HINTON: I think the current moment reflects the consequences, and the fact that we have never invested in that -- in those systemic solutions that

have been on the table now more than a half century. You know, had we addressed those root causes, people wouldn't be in the streets now.

And at this point, you know, some 50 years later, when the U.S. has become a mass incarceration society and policing in prison and surveillance have

been embraced as the foremost policy responses to inequality have been embraced as the only public safety paradigm when community-based safety

measures we know are cost effective and work far better.

And now, we need a different set of investments and now, we need a different set of policy approaches. For me, that's what things like defund

the police are about. That's what much of the racial justice protests are calling into question, those misguided priorities that see only punitive

policies and punitive programs as a solution.

MARTIN: But I feel like I have an obligation to the part of our audience that doesn't think that. I mean, you speak to that in the book. You point

out it could be difficult to imagine children and teenagers who threw rocks at police or who looted local businesses as political actors. You can see

why many people would say, how is stealing bras and sneakers from Target or stealing jewelry from some small business guy, you know, from Pakistan in

Queens, how is that a political statement?

HINTON: Well, those actions from, you know, responding to police violence by returning with rocks and bottles to taking essential goods from stores,

to me is, again, and to many of the people who participated from the 1960s and today themselves, you know, about a statement rooted in fundamental

inequalities when justice seems like it is impossible, when one's only option after decades and years of nonviolent protest is to take violent


I mean, they think one thing that's really key is that in every single city where rebellion occurred, residents had for years embraced steps of

nonviolent direct-action protests, they had taken to the streets in peaceful marches, they had written to their local elected officials and

petitioned them to change certain laws and to make it more inclusive and expansive set of policies for a city. They had filed lawsuits, and none of

this had worked.

And this is part of the reason why people felt like the only -- at that point, the only tool they had was to fight back. And I think it's also

really important to note that most of the protests that we witnessed over the summer of 2020 were peaceful, but one of the really key distinctions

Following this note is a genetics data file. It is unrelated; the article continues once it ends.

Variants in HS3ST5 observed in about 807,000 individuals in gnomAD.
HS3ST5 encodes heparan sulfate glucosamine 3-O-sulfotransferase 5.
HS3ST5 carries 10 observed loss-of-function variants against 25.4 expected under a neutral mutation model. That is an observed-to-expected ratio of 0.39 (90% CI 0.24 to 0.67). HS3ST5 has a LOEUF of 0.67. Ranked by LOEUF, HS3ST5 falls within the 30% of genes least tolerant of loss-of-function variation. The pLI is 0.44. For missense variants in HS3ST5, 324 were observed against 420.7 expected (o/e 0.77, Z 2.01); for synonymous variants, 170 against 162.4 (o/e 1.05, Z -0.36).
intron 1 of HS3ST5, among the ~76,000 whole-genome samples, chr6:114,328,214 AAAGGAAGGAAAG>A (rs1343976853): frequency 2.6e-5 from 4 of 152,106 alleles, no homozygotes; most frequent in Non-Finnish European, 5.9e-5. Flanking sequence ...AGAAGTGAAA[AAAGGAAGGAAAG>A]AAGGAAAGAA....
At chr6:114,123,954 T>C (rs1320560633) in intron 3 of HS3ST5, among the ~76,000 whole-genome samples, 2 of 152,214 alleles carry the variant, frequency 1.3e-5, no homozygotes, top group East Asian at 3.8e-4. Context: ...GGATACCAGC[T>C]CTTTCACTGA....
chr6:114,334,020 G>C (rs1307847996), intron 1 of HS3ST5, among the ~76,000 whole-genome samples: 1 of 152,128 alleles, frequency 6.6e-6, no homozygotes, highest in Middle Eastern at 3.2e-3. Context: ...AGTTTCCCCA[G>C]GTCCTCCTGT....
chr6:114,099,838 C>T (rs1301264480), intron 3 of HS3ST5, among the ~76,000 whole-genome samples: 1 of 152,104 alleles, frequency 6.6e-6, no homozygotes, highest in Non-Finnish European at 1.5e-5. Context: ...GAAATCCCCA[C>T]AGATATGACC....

between the uprisings that we began to see resurge in 2014 and 2015 is that all of these started out peacefully, you know, from Ferguson in 2014 to

Minneapolis in 2020, they started out peacefully, they started as nonviolent demonstrations and then police came in and responded to that

peaceful protest with tear gas and with beating people with their Billy clubs and with mace and violence.

And the protesters, the peaceful protesters in turn responded to that police violence with violence. And this is the cycle of police and

community violence that I write about in the book that we have seen playing out since the 1960s.

MARTIN: It seems to me that some of the polling indicates that even, you know, African-Americans in response to ongoing instability sometimes begin

to favor even more police response. Do you think that that's true?

HINTON: Well, this is actually something that I have thought about a lot and written about with my colleagues, Vesla Weaver and Julilly Kohler-

Hausmann. And we call this concept selective hearing. So, of course, people who are living in communities that are suffering from high rates of crime

and social harm or violence want to have safe communities. That's basic.

But when black people call for better policing, instead, elected officials, policymakers hear more policing. They're not actually listening to the

range of things that black people are demanding. They're not just calling for policing, they're also calling for the same things, many of the same

things that people who are in the streets both violently and nonviolently are. They're calling for better schools. They're calling for more job

opportunities. They're calling for different sets of investments in the community beyond the police.

And one of the questions is, you know, of all of the demands that black Americans have made on the state from the '60s onwards, most of them, you

know, rooted in socioeconomic issues. Why is it that the only thing they have gotten are calls for police, are the calls for harsher sentences, are

the punitive things they asked for? And that's what this selective -- that's the concept of selective hearing is really about.

MARTIN: Professor Elizabeth Hinton, thank you so much for joining us.

HINTON: Thank you for having me.


GOLODRYGA: And finally, we leave you with these images from across America, marking the anniversary of George Floyd's death. Marches, rallies

and concerts have been organized to honor his life and his legacy.

Well, that is it for now. Thank you so much for watching and good-bye from New York.